Material method

The study was designed as single-center and cross-sectional. 251 stable COPD patients admitted to our out-patient clinic consecutively were recruited in the study. Inclusion criteria were as follows: aged ≥40 years, at least one-year diagnosis of COPD according to the GOLD classification with baseline post-bronchodilator FEV1/forced vital capacity (FVC) ratio of less than 0.7, and at least 10 pack-year smoking history. Exclusion criteria were as follows: having COPD exacerbation within the past six weeks before enrollment, patient’s with incompatible pulmonary function tests (PFTs) or those unable to complete the case report form were excluded from the study. The case report form which included patients demographic, clinical and laboratory details (age, gender, smoking history, comorbidities, COPD assessment test (CAT), modified Medical Research Council (mMRC), exacerbation history, PFTs) was completed for each patient. We evaluated the asthma-COPD overlap according to the existing clinical and laboratory data of the patients. The patients who fulfilled two major or one major and two minor criteria were diagnosed as ACO. The major criteria were as follows: a very positive bronchodilator response (>400 mL0 and >15% increase in forced expiratory volume in 1 s (FEV1)), sputum eosinophilia or a previous diagnosis of asthma. Minor criteria were an increased total serum IgE, previous history of atopy or a positive bronchodilator test (>200 mL and >12% in FEV1) on at least two occasions.12

The pulmonary function test was performed if the patient had not been tested within the previous 6 months or the test was not valid. Spirometry was performed using a Sensor Medics model 2400 (Yorba Linda, California, USA) in accordance with the GOLD guidelines, and COPD was classified by their FEV1% predicted: stage1 (mild); FEV1 ≥80%, stage 2 (moderate); 50%≥ FEV1<80%, stage 3 (severe); 30%≥ FEV1 <50% and stage 4 (very severe); FEV1<30%.2 All patients were divided into four risk/symptom categories according to both GOLD 2011 and 2017 reports: low risk, fewer symptoms (A); low risk, more symptoms (B); high risk, fewer symptoms (C); and high risk, more symptoms (D). Based on this categorization the cut-off points for risks; exacerbations in the previous year ≥ 2 or ≥1 leading to hospital admission and the cut-off points for symptoms; CAT scores ≥10 and/or mMRC ≥2 were chosen according to the GOLD 2017 classification (9). Unlike the 2017 report, the patients whose predicted FEV1% was less than 50% were included in the high-risk group according to the GOLD 2011 classification.5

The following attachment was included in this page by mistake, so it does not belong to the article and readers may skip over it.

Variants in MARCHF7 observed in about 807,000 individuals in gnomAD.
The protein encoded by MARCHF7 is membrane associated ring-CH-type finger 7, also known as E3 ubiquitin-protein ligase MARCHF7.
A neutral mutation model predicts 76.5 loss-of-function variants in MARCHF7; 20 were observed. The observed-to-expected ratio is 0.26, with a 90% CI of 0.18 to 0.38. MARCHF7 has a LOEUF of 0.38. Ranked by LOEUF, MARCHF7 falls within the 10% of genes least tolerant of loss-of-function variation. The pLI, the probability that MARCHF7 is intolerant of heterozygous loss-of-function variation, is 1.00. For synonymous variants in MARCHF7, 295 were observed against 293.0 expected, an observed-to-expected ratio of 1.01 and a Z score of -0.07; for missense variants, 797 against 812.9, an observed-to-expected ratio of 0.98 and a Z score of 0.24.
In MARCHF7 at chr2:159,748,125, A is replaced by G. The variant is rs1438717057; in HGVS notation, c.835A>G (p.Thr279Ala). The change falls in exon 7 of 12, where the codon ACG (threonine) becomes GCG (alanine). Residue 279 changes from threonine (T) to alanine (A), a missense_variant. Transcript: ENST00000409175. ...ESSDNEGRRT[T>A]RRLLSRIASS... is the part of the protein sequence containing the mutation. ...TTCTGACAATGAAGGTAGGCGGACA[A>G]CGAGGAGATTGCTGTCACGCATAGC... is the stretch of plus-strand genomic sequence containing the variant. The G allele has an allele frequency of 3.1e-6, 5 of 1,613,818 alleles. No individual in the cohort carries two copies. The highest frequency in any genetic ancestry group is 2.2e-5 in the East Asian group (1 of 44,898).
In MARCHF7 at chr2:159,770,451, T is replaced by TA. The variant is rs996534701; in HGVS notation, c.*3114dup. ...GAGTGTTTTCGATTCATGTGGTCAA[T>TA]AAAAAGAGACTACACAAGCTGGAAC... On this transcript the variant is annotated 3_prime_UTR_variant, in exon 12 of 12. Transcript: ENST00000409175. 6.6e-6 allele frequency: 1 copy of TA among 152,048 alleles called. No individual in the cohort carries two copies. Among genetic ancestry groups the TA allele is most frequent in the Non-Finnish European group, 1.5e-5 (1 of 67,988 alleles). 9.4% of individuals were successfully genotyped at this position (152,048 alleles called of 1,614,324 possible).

An informed consent was taken from each patient. The study protocol was approved by the Ethics Committee of Biruni University.

Statistical analysis

The normality of the distribution of continuous variables was tested by the Shapiro Wilk test. Mann–Whitney U test (for non-normal data) was used to compare two independent groups and the Chi-square test was used to assess the relationship between categorical variables. To compare non-normal data across more than 3 categories Kruskal Wallis and Dunn multiple comparison tests were applied. Statistical analysis was performed with SPSS for Windows version 22.0 and a p-value <0.05 was accepted as statistically significant.

Results

251 patients (average age of 64.4 ± 8.2 years and 88% male) were included in the study. 129 patients (51.4%) had at least one comorbidity. Hypertension (85 patients; 33.1%), coronary artery disease (37 patients; 14.7%), diabetes mellitus (31 patients; 12.7%) and gastroesophageal reflux (20 patients; 8%) were the most common comorbidities, respectively. Two hundred and fifteen patients were recorded with or without ACO. We accepted 36 patients as missing due to their non-classification as ACO or not with respect to their current clinical and laboratory data. Twenty-seven patients were evaluated as ACO in the study. The clinical and demographic characteristics of the patients are given in Table 1. When the proportions of the two groups were compared with McNemar–Bowker Test according to two sequential GOLD, 2011 and 2017, a significant difference was found between all groups (P = 0,001). 31 patients (31/47;66%) included in group C were reclassified into group A and 37 patients (37/129;28.7%) in group D were reclassified into group B according to GOLD 2017 because they had no history of frequent exacerbations but only their predictive FEV1 was below 50%. Therefore, while the rate of group C and D patients decreased, the rate of group A and B patients increased in all patients.